- Gossip and salacious stories
- Avoid sensitive topics. Topics that people do not like discussing in the workplace include personal appearance, relationship status, and socioeconomic status. Political and religious affiliations can also be taboo, depending on the context. Be sensitive to your listener and try to keep things casual and light until you have a better sense of what they are interested in.
- Avoid long stories or monologues. If you have a funny story to share, make sure that it is brief or that it has something to do with your listener's interests. Just because a topic is interesting to you doesn't make it interesting to others. Feel free to share (briefly) your interests and enthusiasms, and then gauge your listener's responses. Let them ask you follow-up questions (if they are interested in learning more) or change the subject (if they'd rather discuss something else).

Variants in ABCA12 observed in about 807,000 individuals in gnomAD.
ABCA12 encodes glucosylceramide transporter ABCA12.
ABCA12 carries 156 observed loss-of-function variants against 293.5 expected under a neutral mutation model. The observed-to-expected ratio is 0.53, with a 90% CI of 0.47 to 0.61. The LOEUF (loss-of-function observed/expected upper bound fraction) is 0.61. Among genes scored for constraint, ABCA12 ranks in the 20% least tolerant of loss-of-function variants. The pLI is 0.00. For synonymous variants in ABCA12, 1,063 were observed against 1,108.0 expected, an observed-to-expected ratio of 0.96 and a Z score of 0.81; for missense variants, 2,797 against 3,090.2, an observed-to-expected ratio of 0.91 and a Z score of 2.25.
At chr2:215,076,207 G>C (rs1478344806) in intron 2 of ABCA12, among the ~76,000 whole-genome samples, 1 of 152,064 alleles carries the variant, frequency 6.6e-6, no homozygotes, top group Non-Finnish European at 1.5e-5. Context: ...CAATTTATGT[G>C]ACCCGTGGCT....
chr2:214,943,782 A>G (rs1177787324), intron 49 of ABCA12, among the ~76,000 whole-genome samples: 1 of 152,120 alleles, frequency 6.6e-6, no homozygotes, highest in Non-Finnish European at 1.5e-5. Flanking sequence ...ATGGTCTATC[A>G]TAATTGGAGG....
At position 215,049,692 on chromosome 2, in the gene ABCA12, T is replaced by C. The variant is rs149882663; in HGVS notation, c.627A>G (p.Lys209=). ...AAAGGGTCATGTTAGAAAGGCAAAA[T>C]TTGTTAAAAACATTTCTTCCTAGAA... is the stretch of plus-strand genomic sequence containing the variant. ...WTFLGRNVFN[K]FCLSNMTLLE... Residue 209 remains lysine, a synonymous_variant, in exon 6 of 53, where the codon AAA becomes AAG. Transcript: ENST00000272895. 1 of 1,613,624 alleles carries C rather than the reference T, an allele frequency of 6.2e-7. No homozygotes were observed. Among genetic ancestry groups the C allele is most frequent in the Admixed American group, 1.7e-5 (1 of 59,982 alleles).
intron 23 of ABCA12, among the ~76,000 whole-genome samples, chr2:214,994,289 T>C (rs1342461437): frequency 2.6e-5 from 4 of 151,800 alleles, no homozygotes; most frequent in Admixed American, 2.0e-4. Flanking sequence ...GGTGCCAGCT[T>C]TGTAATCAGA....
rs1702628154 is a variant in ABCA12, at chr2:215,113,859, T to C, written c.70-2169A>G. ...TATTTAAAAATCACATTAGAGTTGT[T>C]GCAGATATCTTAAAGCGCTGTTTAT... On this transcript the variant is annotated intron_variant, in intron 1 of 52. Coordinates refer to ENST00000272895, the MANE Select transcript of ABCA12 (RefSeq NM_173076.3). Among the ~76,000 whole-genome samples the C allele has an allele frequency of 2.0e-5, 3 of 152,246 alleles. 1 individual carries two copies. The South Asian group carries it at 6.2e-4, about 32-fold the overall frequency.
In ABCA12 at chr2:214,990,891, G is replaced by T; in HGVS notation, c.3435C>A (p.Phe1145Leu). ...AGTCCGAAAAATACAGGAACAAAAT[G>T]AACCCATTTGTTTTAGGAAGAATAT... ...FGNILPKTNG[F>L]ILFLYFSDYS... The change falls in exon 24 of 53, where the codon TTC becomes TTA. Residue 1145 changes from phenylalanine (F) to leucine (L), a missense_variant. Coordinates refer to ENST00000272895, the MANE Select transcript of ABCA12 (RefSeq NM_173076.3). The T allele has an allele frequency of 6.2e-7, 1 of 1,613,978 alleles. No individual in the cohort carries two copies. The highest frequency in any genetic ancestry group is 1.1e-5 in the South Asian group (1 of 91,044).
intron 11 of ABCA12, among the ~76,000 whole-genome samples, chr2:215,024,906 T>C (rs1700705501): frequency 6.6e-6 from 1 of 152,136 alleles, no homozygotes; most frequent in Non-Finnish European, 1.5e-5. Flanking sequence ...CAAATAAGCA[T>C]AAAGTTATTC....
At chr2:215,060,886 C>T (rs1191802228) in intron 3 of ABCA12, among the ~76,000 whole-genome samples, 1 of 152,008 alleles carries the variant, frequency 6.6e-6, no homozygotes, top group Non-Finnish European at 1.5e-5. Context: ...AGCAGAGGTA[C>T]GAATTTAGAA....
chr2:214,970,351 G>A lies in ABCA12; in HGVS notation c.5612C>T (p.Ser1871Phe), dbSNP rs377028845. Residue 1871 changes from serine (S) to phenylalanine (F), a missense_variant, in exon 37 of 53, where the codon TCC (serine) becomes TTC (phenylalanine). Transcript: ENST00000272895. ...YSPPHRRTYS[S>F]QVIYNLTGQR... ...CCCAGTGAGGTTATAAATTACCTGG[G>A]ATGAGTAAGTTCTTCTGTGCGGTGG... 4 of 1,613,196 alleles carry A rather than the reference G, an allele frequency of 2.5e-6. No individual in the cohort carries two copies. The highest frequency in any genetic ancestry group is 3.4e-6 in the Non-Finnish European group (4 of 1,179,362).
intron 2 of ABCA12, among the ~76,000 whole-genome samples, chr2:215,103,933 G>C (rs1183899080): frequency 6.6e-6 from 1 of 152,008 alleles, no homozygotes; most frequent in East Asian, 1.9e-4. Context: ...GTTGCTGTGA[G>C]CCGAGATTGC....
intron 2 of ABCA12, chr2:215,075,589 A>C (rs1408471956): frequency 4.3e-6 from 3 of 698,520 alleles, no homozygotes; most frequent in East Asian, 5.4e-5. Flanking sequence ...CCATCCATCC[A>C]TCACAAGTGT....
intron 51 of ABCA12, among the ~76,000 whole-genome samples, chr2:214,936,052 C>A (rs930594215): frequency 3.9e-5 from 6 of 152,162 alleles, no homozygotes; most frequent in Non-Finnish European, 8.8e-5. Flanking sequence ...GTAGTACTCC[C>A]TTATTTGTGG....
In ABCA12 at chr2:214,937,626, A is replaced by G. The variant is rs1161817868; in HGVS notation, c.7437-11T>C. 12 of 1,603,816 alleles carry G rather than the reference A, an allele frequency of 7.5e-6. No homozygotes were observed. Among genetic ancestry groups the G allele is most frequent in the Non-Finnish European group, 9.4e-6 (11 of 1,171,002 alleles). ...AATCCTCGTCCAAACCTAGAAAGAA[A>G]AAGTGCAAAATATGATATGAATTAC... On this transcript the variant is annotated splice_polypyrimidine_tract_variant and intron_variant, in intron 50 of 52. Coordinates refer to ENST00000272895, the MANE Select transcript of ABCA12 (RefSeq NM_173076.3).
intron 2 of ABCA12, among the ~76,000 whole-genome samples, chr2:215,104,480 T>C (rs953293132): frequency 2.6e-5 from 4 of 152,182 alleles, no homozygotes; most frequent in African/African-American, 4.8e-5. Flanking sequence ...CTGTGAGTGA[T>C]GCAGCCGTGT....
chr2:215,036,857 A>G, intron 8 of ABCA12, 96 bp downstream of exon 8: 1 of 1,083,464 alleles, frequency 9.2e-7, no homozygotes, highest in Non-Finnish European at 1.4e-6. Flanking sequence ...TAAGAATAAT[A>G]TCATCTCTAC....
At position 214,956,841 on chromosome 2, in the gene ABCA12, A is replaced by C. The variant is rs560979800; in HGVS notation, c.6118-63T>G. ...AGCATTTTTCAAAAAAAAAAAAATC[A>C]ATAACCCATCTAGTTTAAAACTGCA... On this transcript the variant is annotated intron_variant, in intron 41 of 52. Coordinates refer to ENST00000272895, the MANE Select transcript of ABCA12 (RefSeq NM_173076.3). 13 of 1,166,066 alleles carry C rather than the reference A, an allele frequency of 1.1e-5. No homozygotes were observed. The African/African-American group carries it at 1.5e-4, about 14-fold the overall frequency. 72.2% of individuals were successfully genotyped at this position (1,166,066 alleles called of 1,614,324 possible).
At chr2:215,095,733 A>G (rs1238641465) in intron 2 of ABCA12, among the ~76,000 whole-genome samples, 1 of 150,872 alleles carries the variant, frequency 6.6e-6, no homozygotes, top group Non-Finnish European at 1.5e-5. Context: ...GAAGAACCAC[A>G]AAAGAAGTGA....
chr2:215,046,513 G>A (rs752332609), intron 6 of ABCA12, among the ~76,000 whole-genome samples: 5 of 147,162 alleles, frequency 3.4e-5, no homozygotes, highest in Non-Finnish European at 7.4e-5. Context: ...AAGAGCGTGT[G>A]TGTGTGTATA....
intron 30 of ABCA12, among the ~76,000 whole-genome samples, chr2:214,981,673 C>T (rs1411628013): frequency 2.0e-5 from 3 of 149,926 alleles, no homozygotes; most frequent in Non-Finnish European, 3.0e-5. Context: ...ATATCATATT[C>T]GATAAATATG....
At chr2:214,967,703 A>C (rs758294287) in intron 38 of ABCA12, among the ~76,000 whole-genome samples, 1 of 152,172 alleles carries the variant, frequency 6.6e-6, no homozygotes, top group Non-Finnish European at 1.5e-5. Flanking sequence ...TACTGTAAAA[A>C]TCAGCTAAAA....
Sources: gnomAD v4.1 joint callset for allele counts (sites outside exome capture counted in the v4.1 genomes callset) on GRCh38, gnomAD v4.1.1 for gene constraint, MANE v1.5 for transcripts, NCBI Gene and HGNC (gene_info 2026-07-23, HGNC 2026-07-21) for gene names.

- Take the pressure off yourself. It is not just your responsibility to keep the conversation going—it takes two to tango. If the other person is really not interested in your conversation, find another person to converse with. Don't beat yourself up over an unsuccessful conversation.
- Demonstrate active listening skills. Maintain eye contact and listen carefully when your conversation partner is speaking. Do not appear distracted or bored. Show that you are engaged and interested.
- Have open body language. Conversations will go more smoothly if you smile, nod, and show interest with your body language. Don't shift too much, cross your arms, look down at your toes, or stare at your phone. Maintain an appropriate amount of eye contact and face your conversation partner openly.
- If you find yourself struggling for things to say, focus on relaxing for a moment. The more relaxed you are, the more creatively your brain will work in coming up with new ideas.
- Compliment the other person to make them feel more comfortable around you. For example, compliment their taste of music or movies, their outfit, or even their smile.